The following is a reflection by Sister Janet M. Peterworth, OSU on the readings for Sunday, February 7, 2021.

Seems to me that all the main characters in this past Sunday’s readings on February 7th are a bit testy. Job is really in a bad mood. Hasn’t been sleeping, sees life as drudgery, and thinks he will never see happiness again. He is definitely crabby. Along with Alexander, in the children’s book, Job is having a terrible, horrible, no good, very bad day.

Then there is Paul. He is not a happy camper either. In the passages just before what we heard on Sunday, Paul is telling the Corinthians that he would at least like a meal or two from them for all the work he has been doing among them. He says not to get him wrong…that he is proclaiming the Gospel not to get anything out of it. He has to do it. He is compelled to do it! But a sandwich or two wouldn’t hurt. Paul is trying to become all things to all people. That could make one testy.

And then there is Jesus. He is tired. He had a busy day in the synagogue healing and casting out devils. Then when he got to his new friend’s home to rest, and the first thing he is asked to do before he even sits down is a private healing of his new friend’s mother-in-law. Healing of a woman in her room when all he wanted was to eat supper? Then, He works well into the night healing all the people who have turned up at the door. Exhausted, He sleeps a bit and tries to get some private time to pray. And what happens? The guys come and say in a testy way, “Where did you go? Everyone is looking for you.” Enough to make even Jesus testy. He ignores his guys and says, “I’ve got to get out of here. I have more villages to go to and more preaching to do.” Now everyone is a little testy.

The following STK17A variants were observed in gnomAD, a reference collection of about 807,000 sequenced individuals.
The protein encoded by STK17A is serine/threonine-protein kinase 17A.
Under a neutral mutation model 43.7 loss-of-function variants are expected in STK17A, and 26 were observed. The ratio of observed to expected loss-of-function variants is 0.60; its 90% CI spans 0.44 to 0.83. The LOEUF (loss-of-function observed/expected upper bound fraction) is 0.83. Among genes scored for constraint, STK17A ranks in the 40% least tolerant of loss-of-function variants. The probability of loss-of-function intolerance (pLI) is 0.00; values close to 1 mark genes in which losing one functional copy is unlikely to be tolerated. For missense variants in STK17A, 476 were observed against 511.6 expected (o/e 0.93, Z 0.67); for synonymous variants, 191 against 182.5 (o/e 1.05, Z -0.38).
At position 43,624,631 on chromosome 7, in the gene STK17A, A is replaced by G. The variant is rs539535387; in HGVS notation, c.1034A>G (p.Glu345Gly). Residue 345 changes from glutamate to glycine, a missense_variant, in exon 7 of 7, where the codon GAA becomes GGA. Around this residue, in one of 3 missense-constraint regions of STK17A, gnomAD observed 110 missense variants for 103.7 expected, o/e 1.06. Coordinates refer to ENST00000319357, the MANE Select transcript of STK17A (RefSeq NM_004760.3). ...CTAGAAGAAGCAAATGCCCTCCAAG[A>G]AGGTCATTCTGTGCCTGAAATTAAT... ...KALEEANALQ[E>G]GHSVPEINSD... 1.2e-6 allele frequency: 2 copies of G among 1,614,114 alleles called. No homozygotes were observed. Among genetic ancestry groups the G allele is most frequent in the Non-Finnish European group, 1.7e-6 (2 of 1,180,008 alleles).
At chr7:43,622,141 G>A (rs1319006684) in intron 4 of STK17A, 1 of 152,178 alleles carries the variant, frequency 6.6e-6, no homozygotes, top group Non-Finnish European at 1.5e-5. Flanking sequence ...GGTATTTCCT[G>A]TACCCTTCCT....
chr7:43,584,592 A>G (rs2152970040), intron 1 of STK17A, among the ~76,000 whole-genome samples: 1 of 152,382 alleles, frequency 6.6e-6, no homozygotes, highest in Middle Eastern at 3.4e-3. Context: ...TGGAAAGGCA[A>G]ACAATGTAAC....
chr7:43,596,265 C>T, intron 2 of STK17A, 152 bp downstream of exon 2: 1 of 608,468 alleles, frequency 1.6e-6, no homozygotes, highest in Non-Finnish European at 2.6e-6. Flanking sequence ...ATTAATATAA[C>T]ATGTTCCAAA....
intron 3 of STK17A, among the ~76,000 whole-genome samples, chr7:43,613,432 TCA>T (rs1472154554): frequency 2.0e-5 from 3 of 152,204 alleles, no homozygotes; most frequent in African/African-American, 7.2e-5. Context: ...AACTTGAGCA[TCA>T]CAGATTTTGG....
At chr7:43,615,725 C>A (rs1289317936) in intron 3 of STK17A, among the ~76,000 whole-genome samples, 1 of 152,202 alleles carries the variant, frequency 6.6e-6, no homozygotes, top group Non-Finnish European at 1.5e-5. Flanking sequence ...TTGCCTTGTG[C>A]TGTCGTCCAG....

But there is glimmer of happiness in these readings, and that is in the Psalm that says “Praise our God who heals the broken hearted.” And I think about the broken hearted…about Job and Paul and, yes, even Jesus. All of then turned to God at one time or another to heal their broken hearts. Job, when he had lost everything. Paul, when he was stoned and whipped and put in prison. And Jesus, when he wept over Jerusalem, and in the garden and on the cross when he called out to Abba. But, praise our God who heals the broken hearted!

And then I wonder about us. What about us? It makes me think, “When was I broken hearted?” When were you broken hearted? When we heard or parents yelling at one another or at us…when we realized that they were hanging it up and going their separate ways…when we lost a parent to death way too soon? When were we broken hearted?

Were we broken-hearted when we realized that we were being treated differently because of the color of our skin or because we did not have money for lunch or a field trip when all the other kids did? Did we even know that God heals the broken-hearted then? When did you come to that realization?

When were we broken-hearted? When we let drugs or alcohol control our lives or when we saw a sibling or child taken down by these chemicals? When we sent a loved one into a war that was useless or immoral? Or were we broken-hearted when we saw someone from another country than the U.S. turned away from our borders…or taken back across those borders? Were we broken-hearted when we “came out” to family, and we were told to get out of their lives? Did we then grab onto today’s Psalm and say, “God, heal my broken heart! Heal my broken heart!”